This question is probably far above my current understanding of physics but how do you explain why sterile neutrinos wouldn't keep falling into each other since gravity is the only force working on these particles.

Maybe you can just say pauli as an answer but don't you need a fundamental force that enables the pauli exclusion principle to be possible? Many thanks


Ordinary matter tends to clump into things like galaxies, stars, and various detritus like dust, planets, orange peels and humans because it interacts with itself.

It's pretty much been determined by the behavior of dark matter around galaxies that it doesn't interact with itself or with ordinary matter (or if it does, it does so to a vanishingly small degree).

Imagine two big clouds of stuff, motionless with respect to each other but big enough to gravitationally attract. Now let them go.

In one case, let them be ordinary matter, released to fall into each other via gravity. They will do so -- and when they hit, the particles will interact, and heat up, and collide and turn momentum into heat or radiation or whatnot. That will drive clumping. Pretty soon you'll have one big cloud of hot, clumpy matter, very possibly on its way toward forming stars.

In the other case, let them be dark matter. If they act as dark matter is believed to act, will fall through each other. They won't hit each other, because that's an interaction. They won't heat each other up because they won't hit. Because they don't interact, the clouds would fall through each other. If you arranged the starting conditions just right, they'd fall through each other, change places, then fall through each other again and end up at their starting positions, motionless and poised to do it all over again.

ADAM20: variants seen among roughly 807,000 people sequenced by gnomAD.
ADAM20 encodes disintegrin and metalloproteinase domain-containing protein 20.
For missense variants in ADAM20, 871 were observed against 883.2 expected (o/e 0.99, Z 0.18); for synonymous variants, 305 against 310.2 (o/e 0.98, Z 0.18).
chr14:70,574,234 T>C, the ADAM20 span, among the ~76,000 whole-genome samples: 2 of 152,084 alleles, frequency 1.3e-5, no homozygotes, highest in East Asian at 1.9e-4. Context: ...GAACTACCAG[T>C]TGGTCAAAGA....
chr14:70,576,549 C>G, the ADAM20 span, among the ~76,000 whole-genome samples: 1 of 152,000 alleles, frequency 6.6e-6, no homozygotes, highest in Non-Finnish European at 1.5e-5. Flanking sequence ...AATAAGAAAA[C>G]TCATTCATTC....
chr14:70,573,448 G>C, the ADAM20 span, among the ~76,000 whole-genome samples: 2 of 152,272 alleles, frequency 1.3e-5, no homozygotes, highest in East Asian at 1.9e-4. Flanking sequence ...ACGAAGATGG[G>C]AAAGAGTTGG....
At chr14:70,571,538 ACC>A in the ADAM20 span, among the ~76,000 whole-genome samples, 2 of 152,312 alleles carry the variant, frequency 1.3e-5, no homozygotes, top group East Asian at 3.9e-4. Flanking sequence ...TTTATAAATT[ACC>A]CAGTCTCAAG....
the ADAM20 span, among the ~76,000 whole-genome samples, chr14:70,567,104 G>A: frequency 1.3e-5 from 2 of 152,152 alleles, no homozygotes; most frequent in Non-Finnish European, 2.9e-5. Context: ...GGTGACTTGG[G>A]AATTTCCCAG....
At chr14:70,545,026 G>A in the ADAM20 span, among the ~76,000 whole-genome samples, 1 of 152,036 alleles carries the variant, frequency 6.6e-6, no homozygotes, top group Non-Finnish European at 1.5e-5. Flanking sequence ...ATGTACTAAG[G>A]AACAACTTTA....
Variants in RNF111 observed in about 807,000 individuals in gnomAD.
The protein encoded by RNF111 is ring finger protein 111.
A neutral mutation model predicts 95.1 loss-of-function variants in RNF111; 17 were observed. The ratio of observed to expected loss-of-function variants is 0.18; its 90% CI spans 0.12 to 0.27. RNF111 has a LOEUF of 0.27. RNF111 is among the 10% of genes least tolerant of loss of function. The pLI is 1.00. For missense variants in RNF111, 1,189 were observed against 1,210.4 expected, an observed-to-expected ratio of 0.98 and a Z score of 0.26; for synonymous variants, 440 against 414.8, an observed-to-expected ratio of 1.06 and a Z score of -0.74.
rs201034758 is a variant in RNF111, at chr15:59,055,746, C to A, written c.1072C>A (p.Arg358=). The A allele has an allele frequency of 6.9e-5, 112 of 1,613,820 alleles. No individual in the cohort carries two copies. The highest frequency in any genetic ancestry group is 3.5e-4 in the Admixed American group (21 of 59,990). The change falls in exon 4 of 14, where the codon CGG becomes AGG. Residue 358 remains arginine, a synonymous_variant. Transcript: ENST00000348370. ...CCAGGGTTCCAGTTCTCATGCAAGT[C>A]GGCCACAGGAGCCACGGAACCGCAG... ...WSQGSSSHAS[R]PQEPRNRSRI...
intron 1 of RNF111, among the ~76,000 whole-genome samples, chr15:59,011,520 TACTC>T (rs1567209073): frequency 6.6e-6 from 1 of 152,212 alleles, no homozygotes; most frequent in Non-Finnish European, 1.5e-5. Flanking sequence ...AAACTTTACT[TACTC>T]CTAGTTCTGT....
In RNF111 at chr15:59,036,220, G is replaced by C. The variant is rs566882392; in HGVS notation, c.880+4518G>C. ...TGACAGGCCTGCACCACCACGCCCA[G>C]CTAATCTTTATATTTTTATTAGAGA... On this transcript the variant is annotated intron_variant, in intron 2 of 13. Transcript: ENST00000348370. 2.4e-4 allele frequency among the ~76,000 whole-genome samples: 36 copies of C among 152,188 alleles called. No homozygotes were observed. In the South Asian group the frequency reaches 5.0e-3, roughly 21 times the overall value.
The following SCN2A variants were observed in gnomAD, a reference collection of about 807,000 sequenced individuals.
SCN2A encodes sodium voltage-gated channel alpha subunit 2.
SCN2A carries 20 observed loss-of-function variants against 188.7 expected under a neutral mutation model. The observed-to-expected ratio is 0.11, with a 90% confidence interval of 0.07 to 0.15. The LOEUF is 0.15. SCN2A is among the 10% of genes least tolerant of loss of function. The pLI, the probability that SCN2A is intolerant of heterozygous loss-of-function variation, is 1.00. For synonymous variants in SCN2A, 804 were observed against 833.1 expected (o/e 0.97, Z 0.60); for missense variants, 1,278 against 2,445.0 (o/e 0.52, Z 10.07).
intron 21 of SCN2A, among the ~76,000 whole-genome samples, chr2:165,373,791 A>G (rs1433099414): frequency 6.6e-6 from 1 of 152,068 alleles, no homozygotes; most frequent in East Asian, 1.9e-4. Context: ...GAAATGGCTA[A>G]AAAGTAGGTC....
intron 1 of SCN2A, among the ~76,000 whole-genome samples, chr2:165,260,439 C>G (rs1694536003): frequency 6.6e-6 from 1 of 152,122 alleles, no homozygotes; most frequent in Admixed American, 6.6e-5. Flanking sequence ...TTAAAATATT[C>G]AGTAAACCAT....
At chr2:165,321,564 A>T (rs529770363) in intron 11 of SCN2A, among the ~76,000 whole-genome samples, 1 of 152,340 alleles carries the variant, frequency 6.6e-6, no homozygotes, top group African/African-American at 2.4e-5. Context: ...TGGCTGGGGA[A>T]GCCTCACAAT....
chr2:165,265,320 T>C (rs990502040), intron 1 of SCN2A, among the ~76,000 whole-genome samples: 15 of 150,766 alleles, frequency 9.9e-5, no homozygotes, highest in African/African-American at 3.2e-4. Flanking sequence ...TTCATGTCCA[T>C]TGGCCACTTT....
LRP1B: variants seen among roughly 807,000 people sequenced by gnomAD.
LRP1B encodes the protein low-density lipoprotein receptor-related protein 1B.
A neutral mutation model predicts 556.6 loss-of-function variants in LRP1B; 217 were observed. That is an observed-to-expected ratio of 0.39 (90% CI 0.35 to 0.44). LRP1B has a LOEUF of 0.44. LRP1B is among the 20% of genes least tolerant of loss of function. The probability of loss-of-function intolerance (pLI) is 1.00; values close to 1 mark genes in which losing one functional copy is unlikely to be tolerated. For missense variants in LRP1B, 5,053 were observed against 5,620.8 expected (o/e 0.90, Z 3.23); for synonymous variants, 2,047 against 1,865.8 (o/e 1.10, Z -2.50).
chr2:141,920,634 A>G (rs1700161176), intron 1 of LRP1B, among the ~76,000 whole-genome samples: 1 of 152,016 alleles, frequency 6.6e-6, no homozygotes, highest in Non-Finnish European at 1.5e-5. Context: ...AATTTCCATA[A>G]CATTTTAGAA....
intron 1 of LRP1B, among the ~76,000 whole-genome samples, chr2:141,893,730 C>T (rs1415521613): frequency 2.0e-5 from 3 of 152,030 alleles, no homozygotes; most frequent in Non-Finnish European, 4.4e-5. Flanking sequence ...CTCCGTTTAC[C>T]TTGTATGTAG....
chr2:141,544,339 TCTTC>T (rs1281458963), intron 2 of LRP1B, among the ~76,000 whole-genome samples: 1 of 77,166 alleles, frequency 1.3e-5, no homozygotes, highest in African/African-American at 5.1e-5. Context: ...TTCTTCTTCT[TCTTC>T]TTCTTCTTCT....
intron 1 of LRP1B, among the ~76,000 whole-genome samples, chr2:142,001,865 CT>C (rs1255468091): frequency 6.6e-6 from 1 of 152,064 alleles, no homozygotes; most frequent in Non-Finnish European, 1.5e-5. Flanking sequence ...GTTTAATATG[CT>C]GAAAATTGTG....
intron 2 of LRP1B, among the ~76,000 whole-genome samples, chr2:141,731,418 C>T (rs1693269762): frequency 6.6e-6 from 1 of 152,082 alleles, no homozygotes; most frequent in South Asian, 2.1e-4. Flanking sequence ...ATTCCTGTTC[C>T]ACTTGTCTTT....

• $\begingroup$ I can follow it would act like an oscillator but how do you make sure the pauli principle isn't broken in this scenario? when they "pass trough" each other, both in the same quantum states this would be against pauli, wouldn't it? I always thought you needed a force to make sure pauli's principle wasn't broken, am i just thinking to much in classical terms? $\endgroup$
    – da maro
    Nov 21 '19 at 21:19
  • $\begingroup$ OK, you're starting to stretch my understanding of quantum mechanics, but if two particles have different positions or different momentums then their quantum states are distinct. So two particles heading in opposite directions won't occupy the same state, and the Pauli exclusion principle doesn't come into play. $\endgroup$
    – TimWescott
    Nov 21 '19 at 21:45

Your Answer

By clicking “Post Your Answer”, you agree to our terms of service, privacy policy and cookie policy

Not the answer you're looking for? Browse other questions tagged or ask your own question.